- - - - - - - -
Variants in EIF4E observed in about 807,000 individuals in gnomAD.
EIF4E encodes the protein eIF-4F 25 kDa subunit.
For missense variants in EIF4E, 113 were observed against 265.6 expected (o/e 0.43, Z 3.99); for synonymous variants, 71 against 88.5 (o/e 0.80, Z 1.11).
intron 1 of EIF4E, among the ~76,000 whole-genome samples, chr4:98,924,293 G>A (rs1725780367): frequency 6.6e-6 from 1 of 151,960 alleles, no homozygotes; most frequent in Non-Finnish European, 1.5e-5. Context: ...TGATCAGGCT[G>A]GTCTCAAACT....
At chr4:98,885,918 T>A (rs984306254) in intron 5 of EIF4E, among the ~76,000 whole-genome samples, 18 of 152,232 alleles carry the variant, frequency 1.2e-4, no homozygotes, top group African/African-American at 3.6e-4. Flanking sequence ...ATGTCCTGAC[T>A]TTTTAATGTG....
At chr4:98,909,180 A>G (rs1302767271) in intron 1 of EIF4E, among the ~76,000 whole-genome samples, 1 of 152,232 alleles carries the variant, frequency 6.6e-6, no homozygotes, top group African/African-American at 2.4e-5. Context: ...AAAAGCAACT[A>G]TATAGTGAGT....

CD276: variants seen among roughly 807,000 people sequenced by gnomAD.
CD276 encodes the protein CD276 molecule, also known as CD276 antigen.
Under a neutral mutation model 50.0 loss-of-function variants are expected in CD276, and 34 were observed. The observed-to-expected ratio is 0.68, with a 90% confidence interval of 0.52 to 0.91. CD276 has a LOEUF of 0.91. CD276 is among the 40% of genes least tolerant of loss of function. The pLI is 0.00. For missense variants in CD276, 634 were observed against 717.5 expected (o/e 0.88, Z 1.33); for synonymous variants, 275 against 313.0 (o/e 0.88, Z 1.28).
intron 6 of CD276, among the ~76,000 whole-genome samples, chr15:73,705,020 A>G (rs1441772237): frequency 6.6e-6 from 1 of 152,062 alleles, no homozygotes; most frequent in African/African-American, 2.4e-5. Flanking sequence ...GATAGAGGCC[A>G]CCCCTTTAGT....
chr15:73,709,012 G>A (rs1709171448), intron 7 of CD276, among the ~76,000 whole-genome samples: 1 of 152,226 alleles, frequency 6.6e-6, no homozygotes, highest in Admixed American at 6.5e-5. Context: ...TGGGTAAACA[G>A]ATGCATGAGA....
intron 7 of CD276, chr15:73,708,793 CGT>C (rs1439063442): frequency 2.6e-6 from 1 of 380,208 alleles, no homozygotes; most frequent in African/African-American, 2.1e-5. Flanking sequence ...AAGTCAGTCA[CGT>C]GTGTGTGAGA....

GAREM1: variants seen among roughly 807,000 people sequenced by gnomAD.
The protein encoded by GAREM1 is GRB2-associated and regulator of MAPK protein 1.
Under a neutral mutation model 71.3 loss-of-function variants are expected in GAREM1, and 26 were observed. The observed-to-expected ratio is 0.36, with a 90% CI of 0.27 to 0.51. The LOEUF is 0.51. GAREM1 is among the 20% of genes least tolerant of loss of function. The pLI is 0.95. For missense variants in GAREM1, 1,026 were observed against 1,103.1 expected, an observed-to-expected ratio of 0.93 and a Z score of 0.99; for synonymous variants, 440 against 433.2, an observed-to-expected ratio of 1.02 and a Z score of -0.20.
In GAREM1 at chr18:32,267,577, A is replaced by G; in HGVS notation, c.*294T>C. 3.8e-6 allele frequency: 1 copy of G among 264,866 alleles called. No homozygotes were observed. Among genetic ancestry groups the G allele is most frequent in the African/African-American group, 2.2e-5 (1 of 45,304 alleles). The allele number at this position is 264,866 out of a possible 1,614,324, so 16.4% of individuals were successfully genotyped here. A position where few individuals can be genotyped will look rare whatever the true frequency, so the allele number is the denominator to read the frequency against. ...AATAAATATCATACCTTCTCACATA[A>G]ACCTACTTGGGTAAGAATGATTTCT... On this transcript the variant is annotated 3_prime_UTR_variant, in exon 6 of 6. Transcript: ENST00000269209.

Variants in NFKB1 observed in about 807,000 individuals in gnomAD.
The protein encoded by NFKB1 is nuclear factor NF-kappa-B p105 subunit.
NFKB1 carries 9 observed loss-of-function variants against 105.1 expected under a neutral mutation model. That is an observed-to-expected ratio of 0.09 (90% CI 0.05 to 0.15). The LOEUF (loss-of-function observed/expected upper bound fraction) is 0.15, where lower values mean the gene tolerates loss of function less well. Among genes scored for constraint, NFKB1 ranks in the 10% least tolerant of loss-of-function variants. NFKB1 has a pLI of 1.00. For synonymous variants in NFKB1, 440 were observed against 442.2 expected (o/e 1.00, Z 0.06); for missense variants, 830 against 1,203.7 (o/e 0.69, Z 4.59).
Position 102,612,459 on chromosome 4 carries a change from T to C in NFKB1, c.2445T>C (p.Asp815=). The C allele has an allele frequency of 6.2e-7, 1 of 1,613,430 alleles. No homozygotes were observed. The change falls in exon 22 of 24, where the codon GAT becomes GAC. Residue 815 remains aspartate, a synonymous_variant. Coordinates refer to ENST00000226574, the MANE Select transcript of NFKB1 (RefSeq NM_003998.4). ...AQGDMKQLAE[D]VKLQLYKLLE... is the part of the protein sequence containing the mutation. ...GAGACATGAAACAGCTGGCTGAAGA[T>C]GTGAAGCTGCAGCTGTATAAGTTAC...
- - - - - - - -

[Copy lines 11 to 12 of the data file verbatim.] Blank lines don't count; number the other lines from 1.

chr15:73,709,012 G>A (rs1709171448), intron 7 of CD276, among the ~76,000 whole-genome samples: 1 of 152,226 alleles, frequency 6.6e-6, no homozygotes, highest in Admixed American at 6.5e-5. Context: ...TGGGTAAACA[G>A]ATGCATGAGA....
intron 7 of CD276, chr15:73,708,793 CGT>C (rs1439063442): frequency 2.6e-6 from 1 of 380,208 alleles, no homozygotes; most frequent in African/African-American, 2.1e-5. Flanking sequence ...AAGTCAGTCA[CGT>C]GTGTGTGAGA....